Forum Activity for @greg-gunner

Banjimer
@greg-gunner
09/21/19 10:08:57AM
84 posts

Ukulele Tuners


Instruments- discuss specific features, luthiers, instrument problems & questions

Before sanding, you might want to try some Hill Peg Compound, which is a substance used by fiddle players to make the pegs turn more freely.  I have used it successfully on a number of occasions to get a smoother and more accurate tuning with wooden tuning pegs.  It comes in a tube (like chapstick) and is not expensive considering one tube will probably last you a lifetime.  Just rub a little on the tuning peg where it makes contact with the peghead.  You can purchase some on E-Bay if your local music store doesn't carry it.

Banjimer
@greg-gunner
09/11/19 12:22:24PM
84 posts

What’s your favourite playing style and why?


General mountain dulcimer or music discussions

Most of my playing these days is a combination of finger-dancing the melody with my left hand and fingerpicking with my right hand, although I can, and do, strum chords to accompany my singing or to accompany another dulcimer playing the melody.  I've tinkered with the chord-melody style, but I can't say I use it much.  I prefer finger-dancing with my left hand or using a noter held in my left hand (thumb on top if the fretboard is high enough) for lining out the melody and fingerpicking or strumming with the right hand to get the strings to ring out and establish rhythm.

Since most of my repertoire is old ballads of Appalachia and the British Isles, I play mostly in 1-5-5 tuning (Ionian) and 1-5-7 tuning (Aeolian).  The actual tuning varies with the instrument I'm using at the time.  My 1-5-5 tunings include D-A-A, C-G-G, G-D-D, and A-E-E.  My 1-5-7 tunings include D-A-C, C-G-Bb, and B-F#-A.  Since most of my playing these days is done at home for my own satisfaction, the actual tuning is what I perceive as the best tuning for that particular instrument.

Although I have played in 1-5-8 (D-A-d) tuning on occasion, I seldom use it these days.  I've found that the vast majority of melodies written for D-A-d tuning (which is a traditional Mixolydian mode tuning) are actually Ionian melodies more suited to 1-5-5 tunings, such as D-A-A.  Although D-A-d tuning is the predominant tuning these days, I find it more suited to the chord-melody style.  Since I prefer to play in a melody-drone style, the various 1-5-5 tunings are more useful to me.

The tuning and style you choose to use is a matter of personal preference.  There are those who swear by the chord-melody style.  I happen to prefer a melody-drone style.  All styles are valid, and I make no value judgements concerning which style is better.  The only thing that really matters is which style brings you the most satisfaction.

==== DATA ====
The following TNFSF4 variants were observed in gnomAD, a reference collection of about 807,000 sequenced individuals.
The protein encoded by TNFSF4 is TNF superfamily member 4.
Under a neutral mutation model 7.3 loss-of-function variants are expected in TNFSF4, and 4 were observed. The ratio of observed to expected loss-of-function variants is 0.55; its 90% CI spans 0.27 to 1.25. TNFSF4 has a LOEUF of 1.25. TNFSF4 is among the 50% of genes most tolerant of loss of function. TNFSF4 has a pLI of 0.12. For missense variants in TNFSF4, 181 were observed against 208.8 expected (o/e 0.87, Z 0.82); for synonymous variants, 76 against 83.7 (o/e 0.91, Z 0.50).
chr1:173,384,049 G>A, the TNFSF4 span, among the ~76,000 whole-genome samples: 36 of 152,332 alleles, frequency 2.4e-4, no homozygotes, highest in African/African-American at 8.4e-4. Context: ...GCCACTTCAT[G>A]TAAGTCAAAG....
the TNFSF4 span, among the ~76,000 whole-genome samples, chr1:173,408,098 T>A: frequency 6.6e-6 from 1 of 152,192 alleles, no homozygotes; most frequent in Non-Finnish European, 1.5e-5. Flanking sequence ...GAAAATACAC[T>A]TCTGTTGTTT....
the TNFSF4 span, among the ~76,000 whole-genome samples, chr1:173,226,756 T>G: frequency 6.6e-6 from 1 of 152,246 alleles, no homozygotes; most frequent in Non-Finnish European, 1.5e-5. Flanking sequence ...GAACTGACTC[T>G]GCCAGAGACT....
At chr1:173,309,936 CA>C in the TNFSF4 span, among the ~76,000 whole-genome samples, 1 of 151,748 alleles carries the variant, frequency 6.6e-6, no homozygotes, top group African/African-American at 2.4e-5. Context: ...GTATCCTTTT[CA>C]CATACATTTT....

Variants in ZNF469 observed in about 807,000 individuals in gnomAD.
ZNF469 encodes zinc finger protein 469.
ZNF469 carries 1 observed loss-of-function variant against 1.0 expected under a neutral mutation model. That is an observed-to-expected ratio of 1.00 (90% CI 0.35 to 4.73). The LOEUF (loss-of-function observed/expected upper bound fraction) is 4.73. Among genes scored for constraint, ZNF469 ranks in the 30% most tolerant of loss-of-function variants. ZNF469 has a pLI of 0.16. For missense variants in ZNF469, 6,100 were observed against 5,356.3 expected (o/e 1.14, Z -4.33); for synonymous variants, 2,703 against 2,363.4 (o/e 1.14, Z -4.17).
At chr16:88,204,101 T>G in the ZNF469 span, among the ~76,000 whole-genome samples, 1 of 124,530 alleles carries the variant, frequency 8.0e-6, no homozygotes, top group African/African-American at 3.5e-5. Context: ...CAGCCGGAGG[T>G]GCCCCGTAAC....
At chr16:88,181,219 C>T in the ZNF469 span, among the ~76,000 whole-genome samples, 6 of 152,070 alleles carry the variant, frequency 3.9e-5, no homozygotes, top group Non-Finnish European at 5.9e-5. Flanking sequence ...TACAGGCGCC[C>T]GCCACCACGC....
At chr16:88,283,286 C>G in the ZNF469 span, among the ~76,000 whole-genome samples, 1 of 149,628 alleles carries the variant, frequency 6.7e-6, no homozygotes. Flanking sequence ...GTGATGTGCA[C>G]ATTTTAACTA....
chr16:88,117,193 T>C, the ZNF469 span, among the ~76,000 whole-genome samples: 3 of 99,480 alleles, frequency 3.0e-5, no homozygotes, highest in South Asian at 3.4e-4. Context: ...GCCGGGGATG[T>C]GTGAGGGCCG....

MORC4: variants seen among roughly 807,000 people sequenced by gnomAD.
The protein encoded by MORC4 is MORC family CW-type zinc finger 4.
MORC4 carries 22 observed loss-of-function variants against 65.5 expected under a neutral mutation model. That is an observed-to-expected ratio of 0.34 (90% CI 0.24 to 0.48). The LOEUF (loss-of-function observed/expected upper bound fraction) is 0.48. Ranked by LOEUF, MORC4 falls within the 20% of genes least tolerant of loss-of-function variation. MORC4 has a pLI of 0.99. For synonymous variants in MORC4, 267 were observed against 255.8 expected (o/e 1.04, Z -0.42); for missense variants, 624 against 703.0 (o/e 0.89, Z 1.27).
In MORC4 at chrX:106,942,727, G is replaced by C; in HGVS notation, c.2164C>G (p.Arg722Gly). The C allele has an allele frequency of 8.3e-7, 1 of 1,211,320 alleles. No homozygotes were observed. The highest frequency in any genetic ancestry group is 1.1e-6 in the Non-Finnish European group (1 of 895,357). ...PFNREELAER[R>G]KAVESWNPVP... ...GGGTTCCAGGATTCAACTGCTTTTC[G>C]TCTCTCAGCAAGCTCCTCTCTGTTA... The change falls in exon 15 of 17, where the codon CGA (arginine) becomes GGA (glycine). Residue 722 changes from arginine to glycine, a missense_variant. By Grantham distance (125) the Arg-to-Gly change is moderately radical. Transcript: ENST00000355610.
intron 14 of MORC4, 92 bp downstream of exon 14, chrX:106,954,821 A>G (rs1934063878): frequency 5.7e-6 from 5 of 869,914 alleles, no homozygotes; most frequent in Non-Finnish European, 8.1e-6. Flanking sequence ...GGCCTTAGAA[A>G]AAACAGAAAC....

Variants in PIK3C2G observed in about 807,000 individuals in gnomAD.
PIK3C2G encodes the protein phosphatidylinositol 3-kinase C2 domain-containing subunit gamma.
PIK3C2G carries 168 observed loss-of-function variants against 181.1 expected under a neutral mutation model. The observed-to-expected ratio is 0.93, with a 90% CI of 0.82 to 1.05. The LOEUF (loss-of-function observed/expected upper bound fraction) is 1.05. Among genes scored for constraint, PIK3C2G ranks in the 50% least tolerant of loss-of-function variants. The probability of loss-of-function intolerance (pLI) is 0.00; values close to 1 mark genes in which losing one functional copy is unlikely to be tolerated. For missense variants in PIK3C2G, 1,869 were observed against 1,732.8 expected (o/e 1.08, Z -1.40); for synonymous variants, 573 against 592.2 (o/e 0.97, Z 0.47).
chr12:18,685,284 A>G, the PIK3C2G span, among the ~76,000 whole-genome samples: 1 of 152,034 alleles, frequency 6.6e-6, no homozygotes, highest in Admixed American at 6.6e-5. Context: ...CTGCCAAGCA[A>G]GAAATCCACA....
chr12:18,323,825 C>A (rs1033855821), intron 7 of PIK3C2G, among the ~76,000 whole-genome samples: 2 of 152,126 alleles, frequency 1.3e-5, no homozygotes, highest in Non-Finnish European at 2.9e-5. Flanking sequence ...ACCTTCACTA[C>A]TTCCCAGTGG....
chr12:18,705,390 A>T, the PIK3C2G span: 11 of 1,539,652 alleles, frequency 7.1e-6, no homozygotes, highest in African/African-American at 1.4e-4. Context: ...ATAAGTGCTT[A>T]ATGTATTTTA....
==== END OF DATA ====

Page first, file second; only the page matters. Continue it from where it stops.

Banjimer
@greg-gunner
09/02/19 05:23:40PM
84 posts

Using a strap


General mountain dulcimer or music discussions

I second Dusty's advice regarding the quick release straps.  As he stated Folkcraft makes a quick-release strap specifically for the dulcimer.  With this strap a short section of the strap (2-3 inches or so) remains attached to the strap buttons when not in use.  When you are ready to use it just snap the longer section of the strap into place and you're ready to go.  They can be purchased for less than $20.00 directly from Folkcraft or on E-Bay.  

Here's a link to the 1-inch wide brown quick-release strap: https://www.folkcraft.com/collections/accessories/products/brown-one-inch-strap-2310435

If you own more than one dulcimer, you can purchase multiple straps so you won't have to continually struggle with getting the strap onto the strap button.  Just leave the short end-section attached.  The long section of the strap can be stored in the case until needed.  The beauty of the Folkcraft strap is how quickly and easily it can be attached or disconnected.  It's well-worth the cost.

Playing with a strap enables the dulcimer player to position the dulcimer further away from his or her body allowing easier access to the fretboard.


updated by @greg-gunner: 09/02/19 05:26:30PM
Banjimer
@greg-gunner
08/16/19 01:33:20PM
84 posts

Who Made Swan-shaped Dulcimer?


Instruments- discuss specific features, luthiers, instrument problems & questions

I have no idea who might have made your dulcimer, but the signature looks like it could either be "N. Mills" or "Neville".  Are there any dulcimer makers who fit either of those interpretations of the signature?   None come to mind. 

Banjimer